I was saddened when I awoke to the news that Muhammad Ali had passed on—saddened but not shocked. After all, he had been living with Parkinson’s Disease for more than 30 years.
Unlike the complete and almost immobilizing shock when Prince died, I felt a sense of gratitude that Muhammad Ali had lived so long with this debilitating disease.
I first met Muhammed Ali in 1967 when I was 19 years old at the Congress on Racial Equality Convention in Oakland, California. I was determined to meet him, so I bought a copy of the Koran for him to autograph. I hadn’t read a word of it and had no intention of doing so. But I figured it was a good way to meet him.
He signed the book and looked up at me and asked, “What’s your name?”
“Gayle,” I answered.
“Wait over there until I get finished,” he said, pointing to a chair at the end of the table where he was signing autographs.
I sat and waited. And that was the beginning of a brief and very chaste “relationship” with him.
I was still living at home, and when I told my mother and siblings that Muhammad Ali had asked for my phone number and promised to call, they didn’t believe me. He did call and my whole family listened to the conversation on the extension lines.
One day he said he wanted to see the Haight-Ashbury district of San Francisco. So we got into a limousine and drove right to the corner of Haight and Ashbury. We got out of the car and he stood there for a couple of minutes surveying the hippy scene before shouting “I am the greatest.”
The next minute he was autographing tons of draft cards and people were throwing joints into the limo. It was a hysterical scene and a treasured memory.
I only ever kissed him once. We had dinner on the balcony in his hotel room. I was 19 and had never even been in a fancy hotel. This would have been the perfect opportunity for a famous man to take advantage of a silly, besotted young girl. But that’s not what happened. After dinner he kissed me very gently on the lips—and then I was taken back to my house by his chauffer.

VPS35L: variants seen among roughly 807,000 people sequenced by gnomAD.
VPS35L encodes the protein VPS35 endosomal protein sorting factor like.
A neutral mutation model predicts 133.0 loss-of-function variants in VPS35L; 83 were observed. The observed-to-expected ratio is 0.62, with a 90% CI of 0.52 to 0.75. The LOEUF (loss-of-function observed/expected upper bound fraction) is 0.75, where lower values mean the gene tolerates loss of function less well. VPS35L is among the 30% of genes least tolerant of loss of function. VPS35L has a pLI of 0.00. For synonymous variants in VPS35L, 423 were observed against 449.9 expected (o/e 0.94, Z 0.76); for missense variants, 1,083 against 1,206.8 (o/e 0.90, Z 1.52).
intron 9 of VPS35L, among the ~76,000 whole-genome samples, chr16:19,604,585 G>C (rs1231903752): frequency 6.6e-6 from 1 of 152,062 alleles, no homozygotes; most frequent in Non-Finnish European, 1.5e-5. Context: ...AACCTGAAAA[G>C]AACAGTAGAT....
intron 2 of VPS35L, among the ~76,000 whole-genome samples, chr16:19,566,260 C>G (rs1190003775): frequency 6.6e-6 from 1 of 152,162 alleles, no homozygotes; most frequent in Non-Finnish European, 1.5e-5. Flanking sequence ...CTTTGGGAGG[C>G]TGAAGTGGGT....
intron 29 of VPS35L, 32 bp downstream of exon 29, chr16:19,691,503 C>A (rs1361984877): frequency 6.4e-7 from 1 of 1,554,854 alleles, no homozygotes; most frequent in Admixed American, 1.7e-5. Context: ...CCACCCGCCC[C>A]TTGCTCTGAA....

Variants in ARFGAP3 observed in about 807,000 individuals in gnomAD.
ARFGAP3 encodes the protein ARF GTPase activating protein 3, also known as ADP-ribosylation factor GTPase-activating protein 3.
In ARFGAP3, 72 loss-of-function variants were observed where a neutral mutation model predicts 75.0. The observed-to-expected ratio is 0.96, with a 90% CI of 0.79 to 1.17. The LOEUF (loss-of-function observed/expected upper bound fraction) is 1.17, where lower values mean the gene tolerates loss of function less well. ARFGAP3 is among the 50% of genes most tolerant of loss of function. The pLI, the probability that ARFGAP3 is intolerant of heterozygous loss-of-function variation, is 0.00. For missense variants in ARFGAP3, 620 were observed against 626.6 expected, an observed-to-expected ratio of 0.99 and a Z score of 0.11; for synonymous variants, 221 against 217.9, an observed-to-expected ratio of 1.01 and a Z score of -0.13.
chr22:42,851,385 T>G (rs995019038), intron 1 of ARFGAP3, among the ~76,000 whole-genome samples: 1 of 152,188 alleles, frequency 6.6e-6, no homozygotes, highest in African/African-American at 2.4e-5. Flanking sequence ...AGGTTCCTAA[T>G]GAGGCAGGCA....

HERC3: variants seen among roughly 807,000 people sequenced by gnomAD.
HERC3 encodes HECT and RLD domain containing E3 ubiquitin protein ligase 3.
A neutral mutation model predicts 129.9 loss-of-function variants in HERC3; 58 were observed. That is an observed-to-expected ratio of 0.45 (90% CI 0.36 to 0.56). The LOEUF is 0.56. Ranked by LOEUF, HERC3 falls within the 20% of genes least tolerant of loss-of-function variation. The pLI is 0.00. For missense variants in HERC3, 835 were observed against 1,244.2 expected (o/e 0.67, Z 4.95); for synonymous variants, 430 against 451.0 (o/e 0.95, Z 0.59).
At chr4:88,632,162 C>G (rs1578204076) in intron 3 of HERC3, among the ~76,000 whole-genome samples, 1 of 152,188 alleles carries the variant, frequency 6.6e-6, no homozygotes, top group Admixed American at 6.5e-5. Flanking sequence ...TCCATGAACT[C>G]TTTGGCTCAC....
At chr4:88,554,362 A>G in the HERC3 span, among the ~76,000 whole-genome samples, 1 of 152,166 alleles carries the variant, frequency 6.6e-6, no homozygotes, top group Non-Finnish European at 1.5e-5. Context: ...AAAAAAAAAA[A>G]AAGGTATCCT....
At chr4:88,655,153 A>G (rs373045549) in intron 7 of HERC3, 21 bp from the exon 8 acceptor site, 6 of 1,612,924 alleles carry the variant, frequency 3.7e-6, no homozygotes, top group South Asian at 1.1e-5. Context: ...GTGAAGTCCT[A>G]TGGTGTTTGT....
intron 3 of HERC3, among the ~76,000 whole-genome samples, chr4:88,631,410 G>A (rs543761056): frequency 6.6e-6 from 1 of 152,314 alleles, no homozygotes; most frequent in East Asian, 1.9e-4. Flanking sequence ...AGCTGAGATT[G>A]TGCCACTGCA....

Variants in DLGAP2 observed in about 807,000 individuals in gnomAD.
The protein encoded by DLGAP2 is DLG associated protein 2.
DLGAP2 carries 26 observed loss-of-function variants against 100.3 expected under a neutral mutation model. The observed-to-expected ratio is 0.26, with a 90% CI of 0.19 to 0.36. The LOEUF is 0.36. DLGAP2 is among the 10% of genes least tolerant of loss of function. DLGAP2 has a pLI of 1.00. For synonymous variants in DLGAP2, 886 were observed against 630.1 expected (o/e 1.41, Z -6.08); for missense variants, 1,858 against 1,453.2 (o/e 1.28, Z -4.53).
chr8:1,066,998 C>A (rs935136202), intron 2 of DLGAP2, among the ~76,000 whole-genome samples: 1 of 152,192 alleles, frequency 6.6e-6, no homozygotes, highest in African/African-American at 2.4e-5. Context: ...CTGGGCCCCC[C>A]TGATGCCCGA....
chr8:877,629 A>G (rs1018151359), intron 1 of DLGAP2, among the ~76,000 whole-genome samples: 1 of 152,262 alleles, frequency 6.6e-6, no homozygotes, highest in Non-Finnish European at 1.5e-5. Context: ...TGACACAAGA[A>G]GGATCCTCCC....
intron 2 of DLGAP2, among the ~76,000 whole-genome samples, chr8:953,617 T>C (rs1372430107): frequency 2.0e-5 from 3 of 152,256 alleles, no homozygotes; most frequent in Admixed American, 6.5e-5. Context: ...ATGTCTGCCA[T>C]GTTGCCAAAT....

He did convince me to attend Nation of Islam services at the San Francisco mosque. I did for a while but I wasn’t interested in wearing long, white shapeless dresses with my head covered. Eventually it was announced that he was engaged to a nice Muslim girl named Belinda. And that was the end of my brief and chaste “relationship” with “The Greatest.”
My most abiding memory is of a sweet and gentle man. In spite of his public bluster, he was soft spoken and infinitely kind.
I first met Prince in 1998 or 1999 at the Essence Awards. He was presenting an award to my son-in-law. I was sitting two seats away from him and couldn’t help thinking how delicate and beautiful he was. Later when he was introduced to me, he looked straight into my eyes and then took my hand and gave it the gentlest of kisses.
Mind you, I was a woman in my fifties at the time. But all I could think was, I will never wash my hand again. I could have been 15.
A few years later, I found myself at an after-party at Prince’s Los Angeles home after the 2005 Academy Awards. I got to see him up close and personal, as well as hear him play with his band in his living room! I didn’t really talk to him because Prince wasn’t a great talker. He was very quiet.
But at one point he stood right next to me for two or three minutes, surveying his party and his guests. I remember standing there and pinching my left arm with my right fingers to convince myself the scene was real. It was a very low-key party with folks mingling and talking—very Prince-like. We were there until 5:30 in the morning.
The last time I saw Prince alive was when he performed on Saturday Night Live for the last time. On November 2, 2014 he gave one of the most memorable performances in Saturday Night Live musical history and I was there.
What struck me in my brief encounters with Prince were the same things I found memorable in Muhammad Ali—a gentle sweetness and kindness—enviable characteristics that we could all aspire to.
I will be eternally grateful for my for my personal memories of these two great men.
Author: Gayle Fleming
Editor: Caitlin Oriel
Photo: YouTube still